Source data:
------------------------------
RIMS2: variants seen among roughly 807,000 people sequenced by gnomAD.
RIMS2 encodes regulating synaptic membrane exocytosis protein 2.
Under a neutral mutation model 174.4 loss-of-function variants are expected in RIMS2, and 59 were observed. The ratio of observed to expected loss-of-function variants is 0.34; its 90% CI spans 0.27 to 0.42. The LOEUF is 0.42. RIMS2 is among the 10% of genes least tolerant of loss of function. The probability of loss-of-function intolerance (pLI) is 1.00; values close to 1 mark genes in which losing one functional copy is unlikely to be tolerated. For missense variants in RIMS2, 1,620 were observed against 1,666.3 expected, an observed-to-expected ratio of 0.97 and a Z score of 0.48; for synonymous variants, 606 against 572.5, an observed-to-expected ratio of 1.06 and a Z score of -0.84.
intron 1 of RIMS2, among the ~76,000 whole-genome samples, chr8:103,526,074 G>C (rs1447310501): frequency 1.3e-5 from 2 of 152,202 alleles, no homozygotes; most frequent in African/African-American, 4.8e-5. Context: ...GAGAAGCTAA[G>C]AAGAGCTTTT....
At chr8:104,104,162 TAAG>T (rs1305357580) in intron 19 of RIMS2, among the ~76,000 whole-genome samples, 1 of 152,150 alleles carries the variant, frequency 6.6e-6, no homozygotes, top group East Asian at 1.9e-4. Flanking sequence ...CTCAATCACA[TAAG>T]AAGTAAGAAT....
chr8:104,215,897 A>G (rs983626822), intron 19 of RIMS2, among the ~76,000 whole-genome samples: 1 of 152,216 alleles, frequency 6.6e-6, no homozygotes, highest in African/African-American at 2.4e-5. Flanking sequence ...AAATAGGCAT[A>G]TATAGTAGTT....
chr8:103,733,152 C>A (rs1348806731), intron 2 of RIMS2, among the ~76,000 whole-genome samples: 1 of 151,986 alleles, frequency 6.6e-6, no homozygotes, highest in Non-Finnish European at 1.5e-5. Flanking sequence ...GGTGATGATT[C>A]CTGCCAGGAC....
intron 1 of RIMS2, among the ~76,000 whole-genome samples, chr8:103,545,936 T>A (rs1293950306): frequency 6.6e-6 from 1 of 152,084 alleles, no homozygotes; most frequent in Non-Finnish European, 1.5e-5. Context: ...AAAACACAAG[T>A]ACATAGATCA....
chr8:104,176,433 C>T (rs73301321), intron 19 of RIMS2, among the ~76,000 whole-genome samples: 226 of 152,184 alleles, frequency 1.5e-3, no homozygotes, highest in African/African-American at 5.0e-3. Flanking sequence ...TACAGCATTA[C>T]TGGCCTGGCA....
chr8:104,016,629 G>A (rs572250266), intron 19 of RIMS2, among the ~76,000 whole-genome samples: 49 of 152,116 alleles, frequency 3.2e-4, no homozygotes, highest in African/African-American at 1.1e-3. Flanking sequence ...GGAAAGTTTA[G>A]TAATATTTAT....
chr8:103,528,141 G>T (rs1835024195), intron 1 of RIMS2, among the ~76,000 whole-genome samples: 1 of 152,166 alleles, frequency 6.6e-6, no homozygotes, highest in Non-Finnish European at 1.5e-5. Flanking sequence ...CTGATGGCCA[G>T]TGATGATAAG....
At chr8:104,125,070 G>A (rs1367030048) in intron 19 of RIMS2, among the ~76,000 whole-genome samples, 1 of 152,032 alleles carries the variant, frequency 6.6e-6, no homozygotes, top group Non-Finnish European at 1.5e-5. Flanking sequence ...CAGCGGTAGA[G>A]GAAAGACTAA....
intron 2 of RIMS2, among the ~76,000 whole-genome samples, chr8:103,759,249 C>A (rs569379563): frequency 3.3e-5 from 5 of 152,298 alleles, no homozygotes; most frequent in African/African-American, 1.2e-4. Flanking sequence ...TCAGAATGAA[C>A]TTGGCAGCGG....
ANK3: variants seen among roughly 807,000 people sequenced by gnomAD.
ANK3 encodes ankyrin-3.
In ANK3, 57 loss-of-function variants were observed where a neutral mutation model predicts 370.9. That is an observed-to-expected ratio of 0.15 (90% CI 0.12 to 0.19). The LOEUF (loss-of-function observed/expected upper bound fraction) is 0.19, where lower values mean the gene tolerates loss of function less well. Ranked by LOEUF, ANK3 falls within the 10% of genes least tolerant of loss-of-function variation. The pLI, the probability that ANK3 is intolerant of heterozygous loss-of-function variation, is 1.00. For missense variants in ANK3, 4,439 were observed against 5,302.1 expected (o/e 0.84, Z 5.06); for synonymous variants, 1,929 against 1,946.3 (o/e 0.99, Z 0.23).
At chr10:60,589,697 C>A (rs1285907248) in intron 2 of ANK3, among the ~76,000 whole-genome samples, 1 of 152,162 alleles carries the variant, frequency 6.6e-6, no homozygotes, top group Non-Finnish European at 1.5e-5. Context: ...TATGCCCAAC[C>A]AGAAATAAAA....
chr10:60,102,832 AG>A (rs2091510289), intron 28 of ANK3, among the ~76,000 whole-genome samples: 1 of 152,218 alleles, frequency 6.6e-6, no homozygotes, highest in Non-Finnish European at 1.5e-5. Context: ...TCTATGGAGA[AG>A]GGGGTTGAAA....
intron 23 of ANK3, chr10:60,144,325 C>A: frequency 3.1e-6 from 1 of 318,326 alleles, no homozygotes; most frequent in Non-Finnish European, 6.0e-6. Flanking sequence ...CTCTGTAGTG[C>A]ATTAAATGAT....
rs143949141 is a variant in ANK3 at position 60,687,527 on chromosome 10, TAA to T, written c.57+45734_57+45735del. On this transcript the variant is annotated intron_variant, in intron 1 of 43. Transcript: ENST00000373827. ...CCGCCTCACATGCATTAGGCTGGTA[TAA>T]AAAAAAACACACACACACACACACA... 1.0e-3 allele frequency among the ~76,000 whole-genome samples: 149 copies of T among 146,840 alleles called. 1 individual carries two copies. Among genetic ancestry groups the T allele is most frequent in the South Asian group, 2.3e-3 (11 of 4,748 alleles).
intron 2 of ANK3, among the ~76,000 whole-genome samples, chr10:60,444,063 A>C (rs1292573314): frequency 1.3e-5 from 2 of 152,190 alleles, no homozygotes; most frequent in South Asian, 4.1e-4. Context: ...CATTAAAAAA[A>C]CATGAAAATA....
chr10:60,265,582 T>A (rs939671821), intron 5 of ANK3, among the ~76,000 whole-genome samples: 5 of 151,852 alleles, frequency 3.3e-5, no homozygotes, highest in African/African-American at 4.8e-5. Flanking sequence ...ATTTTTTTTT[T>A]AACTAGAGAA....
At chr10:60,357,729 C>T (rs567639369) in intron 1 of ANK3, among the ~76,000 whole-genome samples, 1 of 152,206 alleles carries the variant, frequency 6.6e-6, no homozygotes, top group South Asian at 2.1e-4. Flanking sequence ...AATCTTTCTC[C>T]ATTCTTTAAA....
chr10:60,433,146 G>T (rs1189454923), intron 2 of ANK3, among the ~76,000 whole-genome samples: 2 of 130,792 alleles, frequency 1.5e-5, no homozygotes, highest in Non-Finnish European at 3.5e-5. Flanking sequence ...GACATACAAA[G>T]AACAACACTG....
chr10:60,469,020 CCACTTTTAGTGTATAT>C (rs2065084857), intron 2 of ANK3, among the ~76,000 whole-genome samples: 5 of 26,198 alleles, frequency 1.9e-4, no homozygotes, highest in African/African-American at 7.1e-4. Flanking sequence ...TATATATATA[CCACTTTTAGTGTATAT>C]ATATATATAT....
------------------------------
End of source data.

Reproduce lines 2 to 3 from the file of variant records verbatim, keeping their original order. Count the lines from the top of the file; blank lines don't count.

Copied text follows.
RIMS2 encodes regulating synaptic membrane exocytosis protein 2.
Under a neutral mutation model 174.4 loss-of-function variants are expected in RIMS2, and 59 were observed. The ratio of observed to expected loss-of-function variants is 0.34; its 90% CI spans 0.27 to 0.42. The LOEUF is 0.42. RIMS2 is among the 10% of genes least tolerant of loss of function. The probability of loss-of-function intolerance (pLI) is 1.00; values close to 1 mark genes in which losing one functional copy is unlikely to be tolerated. For missense variants in RIMS2, 1,620 were observed against 1,666.3 expected, an observed-to-expected ratio of 0.97 and a Z score of 0.48; for synonymous variants, 606 against 572.5, an observed-to-expected ratio of 1.06 and a Z score of -0.84.